KARACHI: The rupee dipped by 1.2 per cent to 243 against the dollar on Wednesday after foreign exchange companies lifted a price cap, which they said caused “artificial” distortions and created a black market, where the US currency was selling at higher rates.
However, the rupee’s closing value was far higher compared to Rs252.5 in the early open-market trade on Wednesday after central bank’s intervention. On Tuesday, the dollar sold at Rs240.75 in the open market.
The Exchange Companies Association of Pakistan (ECAP) said on Tuesday it was removing the cap on the currency and would meet State Bank of Pakistan’s (SBP) officials on Wednesday.
“We have decided that we will bring the exchange rate on a par with what we are supplying to the banks against credit cards,” ECAP Secretary General Zafar Paracha said in a statement, adding that the level is 255 to 256 rupees to the dollar.
Local currency closes at Rs243, up from Rs252.5 level seen when trading opened on Wednesday
However, within an hour of the implementation of the unprecedented decision by exchange firms on Wednesday, the SBP swung into action and crushed the move, forcing exchange companies to bring down the initial price of Rs252.5 to Rs243. In the interbank market, the rupee depreciated 0.21pc against the dollar to close at Rs230.89.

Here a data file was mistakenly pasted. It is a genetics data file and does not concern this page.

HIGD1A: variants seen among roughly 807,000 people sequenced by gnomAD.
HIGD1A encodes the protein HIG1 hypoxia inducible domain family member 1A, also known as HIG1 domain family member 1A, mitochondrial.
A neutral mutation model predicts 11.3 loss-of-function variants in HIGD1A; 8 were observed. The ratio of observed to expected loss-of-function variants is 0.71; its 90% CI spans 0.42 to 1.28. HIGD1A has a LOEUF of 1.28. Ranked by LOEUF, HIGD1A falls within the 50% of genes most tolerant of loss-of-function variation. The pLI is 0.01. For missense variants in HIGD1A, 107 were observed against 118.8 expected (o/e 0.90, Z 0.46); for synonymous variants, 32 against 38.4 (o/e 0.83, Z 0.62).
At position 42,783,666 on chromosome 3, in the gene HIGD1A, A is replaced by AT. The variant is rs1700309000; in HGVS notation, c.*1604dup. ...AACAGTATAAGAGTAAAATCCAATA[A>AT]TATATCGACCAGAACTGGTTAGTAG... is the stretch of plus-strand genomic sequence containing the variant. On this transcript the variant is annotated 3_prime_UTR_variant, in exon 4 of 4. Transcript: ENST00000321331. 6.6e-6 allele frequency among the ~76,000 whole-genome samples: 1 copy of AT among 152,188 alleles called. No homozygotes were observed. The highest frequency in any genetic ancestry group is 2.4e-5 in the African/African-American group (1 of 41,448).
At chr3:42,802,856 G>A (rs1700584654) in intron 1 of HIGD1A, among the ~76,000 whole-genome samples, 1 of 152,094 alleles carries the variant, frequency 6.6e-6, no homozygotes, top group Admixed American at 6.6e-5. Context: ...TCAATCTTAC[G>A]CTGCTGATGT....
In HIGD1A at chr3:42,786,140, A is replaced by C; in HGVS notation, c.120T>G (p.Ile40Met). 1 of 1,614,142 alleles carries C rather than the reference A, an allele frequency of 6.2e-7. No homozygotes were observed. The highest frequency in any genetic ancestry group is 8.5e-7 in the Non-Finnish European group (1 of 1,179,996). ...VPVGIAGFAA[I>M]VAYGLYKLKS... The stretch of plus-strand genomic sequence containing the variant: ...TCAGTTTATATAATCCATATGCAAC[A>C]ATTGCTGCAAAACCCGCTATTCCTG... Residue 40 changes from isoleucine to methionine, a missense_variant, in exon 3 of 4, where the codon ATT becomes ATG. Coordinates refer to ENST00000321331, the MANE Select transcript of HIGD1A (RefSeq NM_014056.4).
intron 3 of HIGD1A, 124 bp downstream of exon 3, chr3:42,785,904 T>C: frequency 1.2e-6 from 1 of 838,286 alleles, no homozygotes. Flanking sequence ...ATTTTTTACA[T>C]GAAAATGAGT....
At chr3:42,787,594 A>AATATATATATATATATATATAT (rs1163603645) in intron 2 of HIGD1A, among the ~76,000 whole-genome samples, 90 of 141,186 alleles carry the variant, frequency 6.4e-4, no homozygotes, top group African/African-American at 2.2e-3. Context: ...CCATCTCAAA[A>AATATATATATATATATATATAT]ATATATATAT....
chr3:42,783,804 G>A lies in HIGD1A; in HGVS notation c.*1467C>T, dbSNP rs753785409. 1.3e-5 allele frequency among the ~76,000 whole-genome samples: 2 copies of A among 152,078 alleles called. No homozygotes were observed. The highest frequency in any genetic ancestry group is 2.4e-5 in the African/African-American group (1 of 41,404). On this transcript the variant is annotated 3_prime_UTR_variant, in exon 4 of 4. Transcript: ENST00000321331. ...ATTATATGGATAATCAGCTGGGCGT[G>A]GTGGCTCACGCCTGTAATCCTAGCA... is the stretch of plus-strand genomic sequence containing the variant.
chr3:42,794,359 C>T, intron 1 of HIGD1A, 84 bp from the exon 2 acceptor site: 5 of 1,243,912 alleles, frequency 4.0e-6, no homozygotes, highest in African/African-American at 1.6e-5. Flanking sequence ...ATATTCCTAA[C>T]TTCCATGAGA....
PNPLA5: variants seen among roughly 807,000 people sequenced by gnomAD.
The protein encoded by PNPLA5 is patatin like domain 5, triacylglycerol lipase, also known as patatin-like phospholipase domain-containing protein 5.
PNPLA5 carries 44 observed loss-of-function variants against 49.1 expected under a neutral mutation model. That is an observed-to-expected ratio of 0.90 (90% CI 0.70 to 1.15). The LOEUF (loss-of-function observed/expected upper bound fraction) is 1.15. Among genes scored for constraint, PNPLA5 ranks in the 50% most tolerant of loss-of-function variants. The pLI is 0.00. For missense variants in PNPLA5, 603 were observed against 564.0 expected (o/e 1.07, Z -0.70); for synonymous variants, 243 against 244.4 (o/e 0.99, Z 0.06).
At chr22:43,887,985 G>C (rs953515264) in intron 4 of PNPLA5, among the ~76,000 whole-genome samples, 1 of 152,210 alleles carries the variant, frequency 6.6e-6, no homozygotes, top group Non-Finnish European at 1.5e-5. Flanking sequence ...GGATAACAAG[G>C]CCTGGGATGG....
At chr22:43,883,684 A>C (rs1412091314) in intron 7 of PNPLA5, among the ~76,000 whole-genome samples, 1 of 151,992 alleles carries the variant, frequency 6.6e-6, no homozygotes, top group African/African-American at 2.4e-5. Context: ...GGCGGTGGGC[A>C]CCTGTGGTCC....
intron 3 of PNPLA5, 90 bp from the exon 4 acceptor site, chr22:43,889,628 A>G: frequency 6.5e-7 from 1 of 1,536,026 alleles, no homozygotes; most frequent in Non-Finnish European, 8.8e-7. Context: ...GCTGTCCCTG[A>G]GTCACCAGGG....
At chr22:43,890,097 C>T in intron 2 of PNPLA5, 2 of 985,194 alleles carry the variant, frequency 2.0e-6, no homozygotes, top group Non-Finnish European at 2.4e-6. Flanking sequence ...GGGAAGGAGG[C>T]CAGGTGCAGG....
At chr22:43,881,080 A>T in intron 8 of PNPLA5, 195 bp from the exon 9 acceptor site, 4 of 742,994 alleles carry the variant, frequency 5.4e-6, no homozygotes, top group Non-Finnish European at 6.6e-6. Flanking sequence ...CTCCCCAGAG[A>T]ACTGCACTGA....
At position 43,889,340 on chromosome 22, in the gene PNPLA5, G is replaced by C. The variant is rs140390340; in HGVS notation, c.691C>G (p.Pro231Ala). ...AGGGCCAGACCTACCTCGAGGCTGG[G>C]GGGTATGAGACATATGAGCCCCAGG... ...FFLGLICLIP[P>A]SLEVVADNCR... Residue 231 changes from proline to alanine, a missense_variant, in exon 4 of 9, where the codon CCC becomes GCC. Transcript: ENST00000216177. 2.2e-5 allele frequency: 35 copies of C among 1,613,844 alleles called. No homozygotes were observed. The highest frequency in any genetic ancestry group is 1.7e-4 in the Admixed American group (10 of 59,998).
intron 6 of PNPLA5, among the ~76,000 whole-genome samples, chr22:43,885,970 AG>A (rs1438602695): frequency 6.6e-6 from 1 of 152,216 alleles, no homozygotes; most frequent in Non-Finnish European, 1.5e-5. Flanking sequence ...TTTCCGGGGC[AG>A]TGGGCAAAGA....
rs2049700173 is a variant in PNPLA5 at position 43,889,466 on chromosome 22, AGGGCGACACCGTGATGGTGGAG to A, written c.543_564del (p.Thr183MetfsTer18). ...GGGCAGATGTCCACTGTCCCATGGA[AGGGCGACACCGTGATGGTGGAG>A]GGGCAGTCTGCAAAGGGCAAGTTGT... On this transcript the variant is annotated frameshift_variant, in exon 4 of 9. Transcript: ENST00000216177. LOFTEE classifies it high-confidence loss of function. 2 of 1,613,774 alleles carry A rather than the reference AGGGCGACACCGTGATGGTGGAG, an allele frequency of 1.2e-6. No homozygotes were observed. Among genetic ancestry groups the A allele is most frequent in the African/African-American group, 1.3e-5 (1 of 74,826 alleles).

The rupee’s official value has depreciated 11.23pc against the dollar since the start of the 2022-23 fiscal year, which ends on June 30.
Before the cap on the rupee was removed, markets eyed three different rates to assess its value — the SBP’s official rate, the one assessed by the foreign exchange companies and the black market rate.
“We think the dollar rate in banks may fall by up to 5pc in few days,” Mohammed Sohail, chief executive officer at brokerage Topline Securities, told Reuters.
ECAP President Malik Bostan said the central bank had given an assurance at a meeting that commercial banks would be instructed to supply exchange companies with dollars within a week.
“We’re facing a shortage. We do not have physical dollars,” Mr Bostan said. “People aren’t selling dollars. They’re only buying.” He said removing the cap would help curb black market trade, though it would take time to bridge the gap.
“The black-market rate is still stickying in the range of 260-270. The decision of exchange companies has not had any impact as such,” said Fahad Rauf, head of research at Ismail Iqbal Securities.
Stock market investors responded positively to the decision to remove the currency cap, with the Pakistan Stock Exchange’s benchmark index rising 1.77pc. Mr Sohail said investors hoped the removal of the cap would help persuade the IMF to resume disbursements.
Published in Dawn, January 26th, 2023